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"San Junipero" is the standout episode from Season 3 of the British sci-fi anthology show, Black Mirror. Like all episodes in the series, "San Junipero" is a unique twist on reality that throws the viewer down an unknown rabbit hole of indulgence. Without giving too much away for those you have not seen "San Junipero," the narrative follows the love interest of two people arranged on a nonlinear path over two decades: the 80s and 90s.
Besides the romantic love and attraction of each other, the revolving backdrop presents a nostalgic choice as to whether the 80s or 90s appeals as the more enduring flashback. It's an interesting proposition. If you were given the choice of Walkmans or Discmans, what would you choose? Whatever way you go, the decision needs to be an informed one. I think we need to throw a handful of garbage into Mr. Fusion, fire up the DeLorean, and have a little bit of fun.
First Stop, The 80s
Stepping out of the DeLorean at the small beach resort town of San Junipero requires a change of clothes to blend in. Seeing all the Madonna and Cindy Lauper wannabes walking past is a quick reminder to put on some stonewashed jeans, a carefully selected Hawaiian shirt, and last but not least, some British Knights shoes for added style.
San Junipero spins you right round, baby like a record, baby right round round round. That's how well #BlackMirror portrays the look and feel of what it was like for heaven to be a place on Earth. To whip it on the dance floor time after time in a display of Egyptian power walking was a new sensation that had everyone wanting to dance with somebody.
The much loved anthems of this period are skillfully played throughout the episode and instill a sense of belonging. There is a great mix tape of songs from artists diverse as the Beastie Boys to Frankie Goes to Hollywood. All combine to collectively remind you how amazing 80s music really is. Now that I am here, I wish I had upgraded my tape deck in the DeLorean so I could play "Pump Up The Volume" by M|A|R|R|S as I cruise down the street like an adolescent teenager on a quest to impress.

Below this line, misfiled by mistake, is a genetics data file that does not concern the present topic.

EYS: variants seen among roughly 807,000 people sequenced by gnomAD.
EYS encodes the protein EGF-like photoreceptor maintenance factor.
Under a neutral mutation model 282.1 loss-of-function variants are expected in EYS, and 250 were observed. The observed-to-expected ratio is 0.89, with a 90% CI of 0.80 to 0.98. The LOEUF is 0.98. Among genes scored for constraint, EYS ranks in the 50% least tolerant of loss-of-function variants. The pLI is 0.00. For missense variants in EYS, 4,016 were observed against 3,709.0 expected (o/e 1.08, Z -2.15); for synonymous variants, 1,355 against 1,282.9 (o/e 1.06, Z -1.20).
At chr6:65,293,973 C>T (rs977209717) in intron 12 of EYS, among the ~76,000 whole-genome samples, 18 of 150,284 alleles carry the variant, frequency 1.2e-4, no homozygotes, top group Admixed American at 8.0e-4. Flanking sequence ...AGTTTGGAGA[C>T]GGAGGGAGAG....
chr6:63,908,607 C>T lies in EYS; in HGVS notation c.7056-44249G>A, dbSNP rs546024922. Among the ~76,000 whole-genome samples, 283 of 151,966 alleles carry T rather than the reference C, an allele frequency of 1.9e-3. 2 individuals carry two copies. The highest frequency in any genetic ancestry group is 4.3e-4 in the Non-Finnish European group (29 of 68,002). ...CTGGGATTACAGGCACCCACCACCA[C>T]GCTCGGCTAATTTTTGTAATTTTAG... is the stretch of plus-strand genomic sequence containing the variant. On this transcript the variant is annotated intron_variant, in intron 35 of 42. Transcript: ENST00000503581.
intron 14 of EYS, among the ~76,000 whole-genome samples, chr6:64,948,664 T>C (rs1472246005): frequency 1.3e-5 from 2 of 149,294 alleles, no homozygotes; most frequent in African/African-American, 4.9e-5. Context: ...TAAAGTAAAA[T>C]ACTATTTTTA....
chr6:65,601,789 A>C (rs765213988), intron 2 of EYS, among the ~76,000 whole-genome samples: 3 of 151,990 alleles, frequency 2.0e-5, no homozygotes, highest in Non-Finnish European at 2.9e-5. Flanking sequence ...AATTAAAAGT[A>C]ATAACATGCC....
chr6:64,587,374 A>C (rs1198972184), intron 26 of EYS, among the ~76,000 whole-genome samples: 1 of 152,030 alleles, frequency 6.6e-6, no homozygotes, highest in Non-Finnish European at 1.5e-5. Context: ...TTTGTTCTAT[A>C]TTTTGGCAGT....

Dance With Me If You Want To Live
Feeling a little less than zero after a big night on the pork chop express was no temple of doom in this iconic period. Whether you were tracking down one-eyed Willy with the Goonies, or hunting vampires with the Frog brothers, the movies and pop-culture of the 80s had your interests covered.
A great scene that encapsulates the 80s on so many levels is the above one from the 1983 cult classic, Terminator. The giant hair, swinging arms, skinny neck ties and male vocals blasting over the dance floor could be any other night in San Junipero. Luckily for the two ladies in the Black Mirror story, their names were not Sarah Connor. A young Arnold Schwarzenegger on the hunt as a cyborg assassin sent from the future is not part of their particular love story.
OK, that's enough 80s ghosts busted for now, before we take too much of a shinning to this awesome period of time we should jump forward and have a look at what the 90s has to offer.